Shares are under pressure as the jump in the 10-year Treasury yield on Friday was blamed for a sell-off in the US share market, which experienced its worst weekly loss in a month.
Our S&P/ASX 200 (Index:^AXJO) (ASX: XJO) index is expected to fall into the red this morning in sympathy as the 10-year Treasury (government bond) jumped to a fresh seven-year high of 3.23%.
Few would argue that higher yields are generally a negative for equities, but you won’t find consensus on what the tipping point is.
Some experts believe the Treasury yield will endanger the record bull run when it hits around 3.6%, while others like Geoff Wilson from Wilson Asset Management suggested to the Australian Financial Review that the critical level is around 5%.
I’ve no doubt that the bears will be controlling the market at some point, but I don’t think we will need to worry about this for the next 12-months or so even as we hear an increasing number of experts ring the bell for last drinks on the bull market.
The rise in the 10-year yield is not all negative. The fact is, the yield at the long-end of the curve (bonds with longer maturities like the 10-year) are rising faster than the short-end.
This is positive as the yield curve is steepening (where yields are higher for longer-dated bonds than shorter).
Around a month ago, the yield difference between the 2-year and 10-year yields was around 20 basis points. It’s now 35 basis points.
Several weeks ago, a number of bearish experts were warning of the danger from the flattening of the yield curve as an inverted yield (where the yield on long-dated bonds drop below the short-dated bonds) has been a reliable indicator of an impending recession.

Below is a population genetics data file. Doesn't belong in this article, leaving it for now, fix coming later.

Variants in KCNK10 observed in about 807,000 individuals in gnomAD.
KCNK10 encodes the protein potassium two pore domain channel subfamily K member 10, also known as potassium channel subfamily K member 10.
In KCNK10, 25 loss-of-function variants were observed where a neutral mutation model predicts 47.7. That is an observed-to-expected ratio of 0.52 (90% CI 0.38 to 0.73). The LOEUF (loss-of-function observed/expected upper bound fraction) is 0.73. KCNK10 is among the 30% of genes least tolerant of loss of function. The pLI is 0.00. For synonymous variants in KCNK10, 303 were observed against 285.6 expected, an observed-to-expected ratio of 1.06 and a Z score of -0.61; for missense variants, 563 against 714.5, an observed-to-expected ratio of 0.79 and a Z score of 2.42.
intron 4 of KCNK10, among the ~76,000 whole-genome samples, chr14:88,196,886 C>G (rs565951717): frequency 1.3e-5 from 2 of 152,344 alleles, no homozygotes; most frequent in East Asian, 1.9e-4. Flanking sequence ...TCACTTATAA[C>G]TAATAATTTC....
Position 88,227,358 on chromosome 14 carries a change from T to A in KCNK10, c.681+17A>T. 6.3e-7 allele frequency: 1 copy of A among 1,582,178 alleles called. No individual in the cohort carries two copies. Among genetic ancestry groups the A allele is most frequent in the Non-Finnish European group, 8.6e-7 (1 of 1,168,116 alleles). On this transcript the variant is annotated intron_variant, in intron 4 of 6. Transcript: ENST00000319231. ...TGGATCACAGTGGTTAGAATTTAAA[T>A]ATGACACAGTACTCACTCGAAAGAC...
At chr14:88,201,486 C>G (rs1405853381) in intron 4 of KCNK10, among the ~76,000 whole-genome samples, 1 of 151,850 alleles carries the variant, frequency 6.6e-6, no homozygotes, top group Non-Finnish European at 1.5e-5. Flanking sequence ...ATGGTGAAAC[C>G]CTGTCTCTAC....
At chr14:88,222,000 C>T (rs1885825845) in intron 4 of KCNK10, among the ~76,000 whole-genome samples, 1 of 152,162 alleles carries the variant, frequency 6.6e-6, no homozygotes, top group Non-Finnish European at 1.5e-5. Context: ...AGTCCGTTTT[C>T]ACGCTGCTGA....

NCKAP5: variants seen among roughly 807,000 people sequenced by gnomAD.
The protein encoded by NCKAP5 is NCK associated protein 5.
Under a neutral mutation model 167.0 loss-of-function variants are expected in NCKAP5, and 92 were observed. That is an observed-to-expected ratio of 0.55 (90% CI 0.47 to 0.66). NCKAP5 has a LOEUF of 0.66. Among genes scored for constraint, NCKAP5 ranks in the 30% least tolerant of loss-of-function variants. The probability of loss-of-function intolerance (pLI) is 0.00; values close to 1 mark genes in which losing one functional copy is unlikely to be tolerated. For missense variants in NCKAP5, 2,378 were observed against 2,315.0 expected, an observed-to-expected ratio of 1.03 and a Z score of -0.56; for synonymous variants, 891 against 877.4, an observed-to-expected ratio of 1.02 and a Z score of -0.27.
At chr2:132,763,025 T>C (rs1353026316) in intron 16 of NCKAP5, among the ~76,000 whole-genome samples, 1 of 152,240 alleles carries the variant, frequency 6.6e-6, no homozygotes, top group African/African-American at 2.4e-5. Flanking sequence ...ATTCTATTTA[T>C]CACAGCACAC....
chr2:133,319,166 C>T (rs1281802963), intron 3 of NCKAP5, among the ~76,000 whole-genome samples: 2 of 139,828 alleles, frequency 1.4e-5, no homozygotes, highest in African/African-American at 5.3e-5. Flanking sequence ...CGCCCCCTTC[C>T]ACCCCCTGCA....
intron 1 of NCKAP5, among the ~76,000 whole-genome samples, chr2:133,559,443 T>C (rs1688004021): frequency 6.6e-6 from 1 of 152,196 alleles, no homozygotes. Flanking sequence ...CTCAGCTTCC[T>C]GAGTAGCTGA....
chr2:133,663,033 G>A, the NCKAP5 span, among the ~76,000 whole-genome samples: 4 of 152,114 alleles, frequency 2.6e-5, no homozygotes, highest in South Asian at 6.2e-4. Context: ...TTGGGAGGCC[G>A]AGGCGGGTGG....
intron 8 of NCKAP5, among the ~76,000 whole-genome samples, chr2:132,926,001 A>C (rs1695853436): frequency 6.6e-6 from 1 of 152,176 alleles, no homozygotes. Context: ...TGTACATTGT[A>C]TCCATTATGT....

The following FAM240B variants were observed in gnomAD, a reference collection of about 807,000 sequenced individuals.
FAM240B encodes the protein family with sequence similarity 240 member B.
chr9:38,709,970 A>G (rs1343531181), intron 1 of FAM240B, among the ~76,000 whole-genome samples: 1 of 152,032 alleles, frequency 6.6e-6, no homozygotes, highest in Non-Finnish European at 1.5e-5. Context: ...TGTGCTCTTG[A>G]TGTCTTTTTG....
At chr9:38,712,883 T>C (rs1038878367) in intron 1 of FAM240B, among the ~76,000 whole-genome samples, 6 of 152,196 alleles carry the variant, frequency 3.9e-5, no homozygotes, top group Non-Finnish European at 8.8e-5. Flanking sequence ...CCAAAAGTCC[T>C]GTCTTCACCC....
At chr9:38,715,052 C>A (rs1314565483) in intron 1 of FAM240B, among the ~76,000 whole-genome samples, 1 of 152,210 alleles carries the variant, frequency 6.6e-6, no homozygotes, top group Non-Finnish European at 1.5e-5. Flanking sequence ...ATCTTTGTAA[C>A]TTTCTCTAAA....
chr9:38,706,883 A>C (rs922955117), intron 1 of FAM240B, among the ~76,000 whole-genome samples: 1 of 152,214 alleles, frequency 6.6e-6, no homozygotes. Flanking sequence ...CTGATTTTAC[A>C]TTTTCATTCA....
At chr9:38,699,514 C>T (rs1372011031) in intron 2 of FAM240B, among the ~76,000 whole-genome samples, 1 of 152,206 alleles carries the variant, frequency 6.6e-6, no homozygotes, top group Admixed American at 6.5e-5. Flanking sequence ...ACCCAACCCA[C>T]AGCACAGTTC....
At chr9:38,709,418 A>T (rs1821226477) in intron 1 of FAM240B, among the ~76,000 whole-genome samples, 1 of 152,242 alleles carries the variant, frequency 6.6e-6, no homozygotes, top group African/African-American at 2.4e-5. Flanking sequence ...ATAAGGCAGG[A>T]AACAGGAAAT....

Conversely, a steepening of the yield curve often coincides with strong economic growth although that usually puts pressure on central banks to lift interest rates to cool growth. A rate increase by central banks, like the US Federal Reserve, have a much bigger impact on lifting the yield on shorter-dated bond yields (e.g. one and two-year).
The chatter around the Fed lifting rates too fast and linking it to the spike in the 10-year Treasury yield is a bit of a furphy. The jump in the yield is driven more by stronger than expected economic growth than how hard the Fed will step on the brakes by lifting rates, in my view.
We don’t seem to be anywhere near a recession (barring a Black Swan event) and that should give investors some confidence that our market isn’t heading for a crash.
While we can experience a bear market without an economic recession, it’s fairly unusual. I think any real signs that our bull market is facing an infection point will only come sometime in mid to late 2019, if not later.
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Motley Fool contributor Brendon Lau has no position in any of the stocks mentioned. The Motley Fool Australia has recommended Computershare and ResMed Inc. We Fools may not all hold the same opinions, but we all believe that considering a diverse range of insights makes us better investors. The Motley Fool has a disclosure policy. This article contains general investment advice only (under AFSL 400691). Authorised by Scott Phillips.